I had a wonderful and much-needed excursion away from my room. For many many days, the one major recommendation from all the nurses, spiritual guides, and assorted friends (calling them staff would be sad) was: “Get up and out and about!” I wholeheartedly embraced this sentiment with gusto and a reverence for a truth that revealed itself to them through experience.
We found some marvelous places around the NIH: ornate alleyways leading to glass-walled enclosures that reminded me of carefully gardened British properties; a multi-purpose court for Basketball (with hoops!) and Tennis; intriguing Lipsett Amphitheater displays; and many, many opened doors down abandoned pathways. It was as if the sages were right: all that was before us, was ours (not to mention when it’s that time of day when it feels like there is no one around anywhere). In the beginning I was caught by an eerie primordial feeling. I joked with my sister as if to willfully stymie the thought that the herds have disappeared and that there was probably a very good reason. Somewhere out in the fields, danger was looming, but we traipsed along pleasantly amused that there was almost no door that was locked and even though I felt a growing fatigue, I filed the warning away under the folder that I refuse to open until it opens itself: “Chemo.”
In “The Pyramid at the End of the World,” The Doctor puts it quite aptly:
The end of your life is already begun. There is a last place you will ever go, a last door you will ever walk through, a last sight you will ever see. And every step you ever take is moving you closer. The end of the world is a billion, billion tiny moments. And somewhere, unnoticed, in silence or in darkness, it has already begun.
I joked with my sister about the fact that before I knew about the fact that the cardinal directions at the NIH broke down further into sub-cardinal directions, I confidently walked into a door without looking at the signs, and found myself in an ICU. The joke was, save for that one funny experience, I’ve never ever entered an ICU in such a pleasant manner: on my own two feet, listening to my tunes. Somewhere, unnoticed, in the quiet halls and empty glass structures, it had already begun. I had been struggling with the fact that I had overestimated my energy level and perhaps should have considered opening the folder called “Chemo” in my head. At least then I would have considered the warning. The fact that it was hot and heavy outside did not help since both of them (Temperature and Air Pressure) are triggers for a syncope-like state which I fondly call “Ethereal Projection.” As I struggled to find a cool place inside and rest, I was breathing heavy and perspiring a great deal. We tried to hurry back to the unit, but near some abandoned elevator, the air was even more stifling and the lack of oxygen quickly wore me down to the ground. There I lay, gasping for the cool kiss of air close to the surface of the earth as my sister frantically began to panic. She started to look around and saw a wheelchair just a few yards from where I was certainly, quite a sight to behold I’m sure. I returned to the same place I’d always gone when such an event had occurred: the familiar scenery of a world that I simply could not interact with. As my sister tried to converse with me, I remember saying words that I simply did not say: “Just leave me here for a bit. I’ll be okay.” She was worried that people walking by would surely not allow me to stay passed-out on the floor, and I couldn’t awaken to calm her down and alleviate her fears, because, as The Doctor said, a careful sequence of events had already been set into motion and gone completely unnoticed. Somehow, right there in that location where she found a miraculous God-sent wheelchair, along comes a stranger much to my chagrin. I hear footsteps approach and all the pleading while in my highly conversational non-conversation with my environment, does not stop his advance. He calls to me by my name and says: “It’s me. Primary Investigator, Dr. Tisdale.”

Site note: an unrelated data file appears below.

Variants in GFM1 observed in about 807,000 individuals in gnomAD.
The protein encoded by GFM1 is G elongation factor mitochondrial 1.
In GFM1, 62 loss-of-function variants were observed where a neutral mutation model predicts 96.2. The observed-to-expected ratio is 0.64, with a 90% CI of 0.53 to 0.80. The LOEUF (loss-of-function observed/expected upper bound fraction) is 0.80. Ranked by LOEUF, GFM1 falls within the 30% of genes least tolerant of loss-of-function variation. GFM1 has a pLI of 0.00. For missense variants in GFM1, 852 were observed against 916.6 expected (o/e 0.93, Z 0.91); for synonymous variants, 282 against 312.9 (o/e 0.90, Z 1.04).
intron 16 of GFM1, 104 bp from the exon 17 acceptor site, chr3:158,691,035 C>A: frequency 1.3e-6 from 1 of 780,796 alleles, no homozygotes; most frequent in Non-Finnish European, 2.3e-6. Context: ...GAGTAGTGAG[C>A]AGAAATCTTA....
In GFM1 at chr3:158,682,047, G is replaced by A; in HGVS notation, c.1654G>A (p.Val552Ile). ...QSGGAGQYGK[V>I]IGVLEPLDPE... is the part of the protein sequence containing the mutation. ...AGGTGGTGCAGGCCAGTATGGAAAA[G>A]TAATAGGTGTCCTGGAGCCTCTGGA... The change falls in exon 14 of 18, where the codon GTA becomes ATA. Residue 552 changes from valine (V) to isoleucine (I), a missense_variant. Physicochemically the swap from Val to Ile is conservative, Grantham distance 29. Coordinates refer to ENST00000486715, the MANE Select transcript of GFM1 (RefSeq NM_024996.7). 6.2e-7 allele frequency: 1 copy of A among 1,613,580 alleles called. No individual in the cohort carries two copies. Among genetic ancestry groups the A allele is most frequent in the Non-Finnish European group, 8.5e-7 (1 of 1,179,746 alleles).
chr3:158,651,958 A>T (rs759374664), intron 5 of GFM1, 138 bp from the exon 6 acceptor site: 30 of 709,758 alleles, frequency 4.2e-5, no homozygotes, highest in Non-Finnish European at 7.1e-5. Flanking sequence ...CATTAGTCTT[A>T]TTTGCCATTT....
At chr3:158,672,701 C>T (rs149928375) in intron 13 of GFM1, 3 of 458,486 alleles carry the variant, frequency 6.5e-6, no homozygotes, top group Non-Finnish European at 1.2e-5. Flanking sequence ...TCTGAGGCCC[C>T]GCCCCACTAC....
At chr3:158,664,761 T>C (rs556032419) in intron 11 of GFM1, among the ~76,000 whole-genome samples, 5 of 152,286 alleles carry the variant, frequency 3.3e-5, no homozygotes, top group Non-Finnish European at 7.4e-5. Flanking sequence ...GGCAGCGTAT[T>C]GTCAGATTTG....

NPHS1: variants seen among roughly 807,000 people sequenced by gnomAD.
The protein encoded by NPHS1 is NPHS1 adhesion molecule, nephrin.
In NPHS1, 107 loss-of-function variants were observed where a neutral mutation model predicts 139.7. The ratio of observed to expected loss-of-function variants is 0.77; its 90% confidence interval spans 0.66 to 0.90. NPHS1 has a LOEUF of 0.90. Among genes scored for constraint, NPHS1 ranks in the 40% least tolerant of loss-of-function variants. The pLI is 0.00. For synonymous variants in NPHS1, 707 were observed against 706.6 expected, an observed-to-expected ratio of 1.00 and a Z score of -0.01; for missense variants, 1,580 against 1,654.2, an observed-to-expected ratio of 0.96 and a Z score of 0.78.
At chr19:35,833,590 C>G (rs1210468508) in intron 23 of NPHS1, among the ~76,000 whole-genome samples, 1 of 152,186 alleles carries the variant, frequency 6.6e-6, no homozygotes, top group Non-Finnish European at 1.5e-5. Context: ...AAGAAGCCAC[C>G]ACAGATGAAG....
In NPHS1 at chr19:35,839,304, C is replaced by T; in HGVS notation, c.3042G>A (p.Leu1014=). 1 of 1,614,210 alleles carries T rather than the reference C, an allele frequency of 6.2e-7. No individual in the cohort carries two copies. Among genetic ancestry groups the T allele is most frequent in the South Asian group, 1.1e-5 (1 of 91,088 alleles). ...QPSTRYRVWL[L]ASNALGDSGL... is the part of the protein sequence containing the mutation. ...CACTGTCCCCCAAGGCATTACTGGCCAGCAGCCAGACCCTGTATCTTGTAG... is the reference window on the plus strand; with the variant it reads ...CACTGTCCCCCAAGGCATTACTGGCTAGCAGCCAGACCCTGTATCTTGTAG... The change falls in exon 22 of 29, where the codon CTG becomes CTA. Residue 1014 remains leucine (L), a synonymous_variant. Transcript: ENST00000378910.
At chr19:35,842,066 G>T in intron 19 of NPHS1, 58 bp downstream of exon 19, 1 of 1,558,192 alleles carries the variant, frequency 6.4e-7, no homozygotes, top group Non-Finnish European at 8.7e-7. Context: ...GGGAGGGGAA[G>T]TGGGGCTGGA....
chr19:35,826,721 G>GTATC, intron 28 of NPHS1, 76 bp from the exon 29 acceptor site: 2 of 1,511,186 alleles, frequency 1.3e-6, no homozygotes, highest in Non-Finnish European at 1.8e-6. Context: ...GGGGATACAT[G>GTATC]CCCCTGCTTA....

I’d like to pause here and give a small shout-out to oracular hallucinations, the red string of fate, the world of the here and the world of the there, the sun that separates the hell in here from the hell out there, and the dementia of the me in conversation with myself. I did promise harmonic oscillation, and I’m astounded just how incredibly well, the sequence of events as outlined in poetry and prose through these entries, managed to keep that promise. It was as if I was foretelling my own story, and as I yelled at people in my head to leave me alone and stop stabbing my sternum endlessly, I was ushered back into the ICU, trapped once again in the familiar scenery of ethereal projection.
The hard work of getting me to an acceptable condition was handled by a mass of nameless voices and Gloria, my ICU nurse. When I awoke later near the end of her shift, I was happy to tell her about CENTRAL. One of Peru’s premier foodie destinations featured on Chef’s Table. That night, before my transplant, I had the pleasure of chillin’ with #bestnurseever. This picture was only taken under the assumption that I address her by this title, so shout out to Marjorie!
So it is indeed true that I had a much-needed and wonderful excursion from my room. I just want to add that it was to the ICU. The restorative power of Marjorie’s (and Gloria’s) intriguing conversations was exactly what I needed to break free from the voice in my head. I found myself on the brink of Day 0, free from shackles that I never even knew I had. Oh how ironically I must’ve laughed at myself from the familiar scenery of ethereal projection! At least, this time, in this ICU, I was not intubated for no reason at all.